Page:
Corticosteroid Injections for Joint Pain and Back Pain

Steroid injections have two benefits over oral non-narcotic medications. First, steroid medications deliver medicines that inhibit the proliferation of both prostaglandins and leukotrienes - both are chemicals released by the cells to stimulate inflammation. NSAIDs and Cox-2 inhibitors, on the other hand, only inhibit the proliferation of prostaglandins. In inflammation is a process ultimately designed to promote the healing process, but also has the effect of producing pain and stiffness. Steroid injections benefit patients by directly delivering a much smaller dose of steroids directly to the structures involved in pain and inflammation. Because the steroid injections are delivered directly to the damaged joints, it requires a much smaller dose of medication. Because the injections bypass the requirement for consumption and absorption through the stomach and small intestines, they don't cause the same types of side effects, such as gastrointestinal (stomach and intestines), circulatory, and endocrine problems. Steroids, when delivered by injection, go into the joints spaces or epidural spaces, to block the transmission of pain signals to the brain.



Corticosteroid Injections for Joint Pain and back pain. Steroid injections, which involve the direct delivery to corticosteroids or glucocorticoids to painful joints or structures causing back pain, may be used when other pain treatments have failed. When a person first experiences back pain, they may try to tough it out by themselves, or they may take whatever pain medications are available at home or at the pharmacy over the counter. If the pain does not abate, patients will eventually make an appointment with the doctor to find out what is really wrong with them. Doctors will likely prescribe physical therapy with NSAIDs, and possibly narcotic pain medications for short-term use, for severe back pain or joint pain. If these none of these medications work and the patient has not responded to physical therapy as was hoped for, then the doctor may refer the patient to a pain clinic or day surgery suite, where steroid injections are administered.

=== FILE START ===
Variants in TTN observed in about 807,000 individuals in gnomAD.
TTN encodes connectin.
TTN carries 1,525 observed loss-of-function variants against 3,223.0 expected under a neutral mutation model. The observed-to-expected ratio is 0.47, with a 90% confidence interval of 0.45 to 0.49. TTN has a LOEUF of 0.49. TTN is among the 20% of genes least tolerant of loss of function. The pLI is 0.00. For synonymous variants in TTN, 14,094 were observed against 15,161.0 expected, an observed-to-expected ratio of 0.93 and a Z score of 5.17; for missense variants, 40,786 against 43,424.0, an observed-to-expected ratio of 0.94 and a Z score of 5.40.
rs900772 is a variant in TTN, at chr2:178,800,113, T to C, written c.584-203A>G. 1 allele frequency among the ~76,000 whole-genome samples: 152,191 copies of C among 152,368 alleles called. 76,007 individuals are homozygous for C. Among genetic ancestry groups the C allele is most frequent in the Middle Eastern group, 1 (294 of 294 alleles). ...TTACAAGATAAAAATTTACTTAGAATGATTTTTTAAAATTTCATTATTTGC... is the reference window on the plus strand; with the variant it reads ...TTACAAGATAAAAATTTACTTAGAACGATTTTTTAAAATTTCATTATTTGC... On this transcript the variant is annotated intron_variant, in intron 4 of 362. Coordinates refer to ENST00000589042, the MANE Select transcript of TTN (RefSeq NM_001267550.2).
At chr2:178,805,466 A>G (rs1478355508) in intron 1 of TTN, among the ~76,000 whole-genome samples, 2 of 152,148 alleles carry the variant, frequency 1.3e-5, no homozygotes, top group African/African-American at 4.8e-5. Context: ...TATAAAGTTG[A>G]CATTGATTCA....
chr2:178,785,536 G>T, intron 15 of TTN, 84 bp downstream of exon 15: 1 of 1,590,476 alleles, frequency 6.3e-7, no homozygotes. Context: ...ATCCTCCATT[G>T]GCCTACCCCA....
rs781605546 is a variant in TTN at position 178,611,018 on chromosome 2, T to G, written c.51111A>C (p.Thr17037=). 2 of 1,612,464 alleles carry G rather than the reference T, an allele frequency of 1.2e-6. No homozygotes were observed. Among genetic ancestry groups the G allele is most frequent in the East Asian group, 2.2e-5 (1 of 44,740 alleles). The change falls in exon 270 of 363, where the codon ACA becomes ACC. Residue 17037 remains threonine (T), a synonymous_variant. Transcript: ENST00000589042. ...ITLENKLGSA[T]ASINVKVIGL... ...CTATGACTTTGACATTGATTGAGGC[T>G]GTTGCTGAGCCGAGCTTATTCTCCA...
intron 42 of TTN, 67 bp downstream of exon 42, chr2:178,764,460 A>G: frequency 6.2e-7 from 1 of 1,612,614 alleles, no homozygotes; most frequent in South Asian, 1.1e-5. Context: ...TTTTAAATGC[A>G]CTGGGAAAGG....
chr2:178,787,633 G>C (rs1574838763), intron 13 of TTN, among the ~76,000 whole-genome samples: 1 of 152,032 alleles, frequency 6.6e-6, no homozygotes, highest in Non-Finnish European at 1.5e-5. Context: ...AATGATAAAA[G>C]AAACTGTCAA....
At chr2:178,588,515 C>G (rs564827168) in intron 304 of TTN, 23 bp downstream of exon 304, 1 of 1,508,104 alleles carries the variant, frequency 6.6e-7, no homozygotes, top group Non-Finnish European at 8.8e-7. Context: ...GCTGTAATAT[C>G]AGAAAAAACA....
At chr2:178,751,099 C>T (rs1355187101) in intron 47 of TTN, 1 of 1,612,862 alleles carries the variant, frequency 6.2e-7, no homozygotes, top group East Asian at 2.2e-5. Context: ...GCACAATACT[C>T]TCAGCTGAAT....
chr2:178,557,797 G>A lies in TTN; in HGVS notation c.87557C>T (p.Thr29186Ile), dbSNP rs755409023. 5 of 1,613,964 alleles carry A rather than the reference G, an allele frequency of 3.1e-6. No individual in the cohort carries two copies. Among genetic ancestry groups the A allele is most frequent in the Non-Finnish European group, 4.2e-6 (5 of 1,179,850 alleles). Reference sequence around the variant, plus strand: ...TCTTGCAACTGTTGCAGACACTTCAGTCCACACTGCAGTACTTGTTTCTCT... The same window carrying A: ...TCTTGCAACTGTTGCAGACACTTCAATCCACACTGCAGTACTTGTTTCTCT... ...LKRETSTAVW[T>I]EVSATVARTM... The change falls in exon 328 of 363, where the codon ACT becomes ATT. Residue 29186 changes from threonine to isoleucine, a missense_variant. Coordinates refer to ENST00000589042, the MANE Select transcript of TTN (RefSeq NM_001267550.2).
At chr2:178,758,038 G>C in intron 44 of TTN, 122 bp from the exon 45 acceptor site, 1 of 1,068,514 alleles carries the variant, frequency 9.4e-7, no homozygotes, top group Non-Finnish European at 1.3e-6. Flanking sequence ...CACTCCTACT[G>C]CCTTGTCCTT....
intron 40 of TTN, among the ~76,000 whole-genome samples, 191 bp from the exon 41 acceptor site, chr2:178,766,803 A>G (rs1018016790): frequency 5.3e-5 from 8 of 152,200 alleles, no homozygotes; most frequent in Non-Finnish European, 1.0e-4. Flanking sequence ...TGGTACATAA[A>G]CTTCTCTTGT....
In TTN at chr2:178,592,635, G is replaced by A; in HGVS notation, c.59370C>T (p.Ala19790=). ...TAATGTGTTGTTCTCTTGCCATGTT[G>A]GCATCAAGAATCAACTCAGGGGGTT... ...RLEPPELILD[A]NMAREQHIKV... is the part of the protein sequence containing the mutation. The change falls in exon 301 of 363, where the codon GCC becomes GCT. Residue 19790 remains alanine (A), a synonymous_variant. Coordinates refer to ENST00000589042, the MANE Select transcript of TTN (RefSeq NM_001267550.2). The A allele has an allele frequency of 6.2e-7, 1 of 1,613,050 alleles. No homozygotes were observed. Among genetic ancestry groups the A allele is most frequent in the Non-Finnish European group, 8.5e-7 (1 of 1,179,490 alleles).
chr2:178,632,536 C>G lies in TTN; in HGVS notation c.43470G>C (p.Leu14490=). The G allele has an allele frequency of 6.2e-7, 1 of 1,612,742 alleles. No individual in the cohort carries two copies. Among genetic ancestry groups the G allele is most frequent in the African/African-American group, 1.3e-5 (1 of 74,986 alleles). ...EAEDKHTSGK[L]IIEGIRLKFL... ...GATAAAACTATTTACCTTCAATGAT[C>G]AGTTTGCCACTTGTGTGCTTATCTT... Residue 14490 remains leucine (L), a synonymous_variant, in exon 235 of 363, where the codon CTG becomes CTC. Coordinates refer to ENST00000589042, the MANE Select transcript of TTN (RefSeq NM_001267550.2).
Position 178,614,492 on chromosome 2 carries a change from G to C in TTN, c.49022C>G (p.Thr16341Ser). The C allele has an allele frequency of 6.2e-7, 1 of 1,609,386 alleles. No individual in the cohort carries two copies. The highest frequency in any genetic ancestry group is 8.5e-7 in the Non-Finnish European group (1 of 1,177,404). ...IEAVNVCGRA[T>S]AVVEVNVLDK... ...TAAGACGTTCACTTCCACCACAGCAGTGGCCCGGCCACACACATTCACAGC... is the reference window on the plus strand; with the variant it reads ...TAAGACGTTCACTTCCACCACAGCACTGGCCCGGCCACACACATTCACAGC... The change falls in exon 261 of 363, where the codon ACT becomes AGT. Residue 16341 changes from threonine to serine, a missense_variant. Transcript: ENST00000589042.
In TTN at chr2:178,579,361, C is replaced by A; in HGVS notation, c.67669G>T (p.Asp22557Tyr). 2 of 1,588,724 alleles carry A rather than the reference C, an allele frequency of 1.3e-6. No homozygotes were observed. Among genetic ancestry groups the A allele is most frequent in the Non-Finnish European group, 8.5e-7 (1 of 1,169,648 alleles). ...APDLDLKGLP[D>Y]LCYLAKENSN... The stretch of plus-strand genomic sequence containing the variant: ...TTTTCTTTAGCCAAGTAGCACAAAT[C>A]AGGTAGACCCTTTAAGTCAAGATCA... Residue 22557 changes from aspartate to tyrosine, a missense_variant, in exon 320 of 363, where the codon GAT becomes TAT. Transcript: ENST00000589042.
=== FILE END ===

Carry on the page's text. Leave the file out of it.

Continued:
Steroid injections reduce inflammation on tendons, ligaments, bursas, and in painful joints. Steroid injections may also be delivered into the epidural space of the spine, which blocks the transmissions of pain signals up the spine. This type of treatment is particularly effective in treating conditions such as bursitis, osteoarthritis, and pain involving nerve root compression in the spine.

The process of inflammation is usually a healthy one that involves the removal of damaged tissues and materials which could lead to an infection following an injury, and the proliferation of new healthy cells in tissues in the same area. When inflammation is not beneficial to the body is when it continues, because of a systemic injury or because of an arthritic condition which involves irreversible damage or cartilage loss. In these conditions, the long-term continuation of inflammation may cause the tendons, ligaments, and bone in certain areas to deteriorate, resulting in the loss of bone or soft tissue. In order to prevent this from happening, steroid injections may be done to prevent chronic pain and inflammation.

Treatment: Corticosteroids may be used as both a diagnostic and treatment tool for conditions such as back pain and joint pain. The reason steroid injections are a good diagnostic tool is because they involve the direct injection of medication into a very small area of the back, which inhibits pain in a very small area. This is important as a diagnostic tool because often doctors have questions about where the pain generator - the true source of the pain - actually is. Epidural steroid injections are the most common type of corticosteroid injections for back pain. This treatment involves the injection of the medication directly into the dura, or the layer around the nerve root that houses the cerebrospinal fluid, which protects and nourishes the nerve root.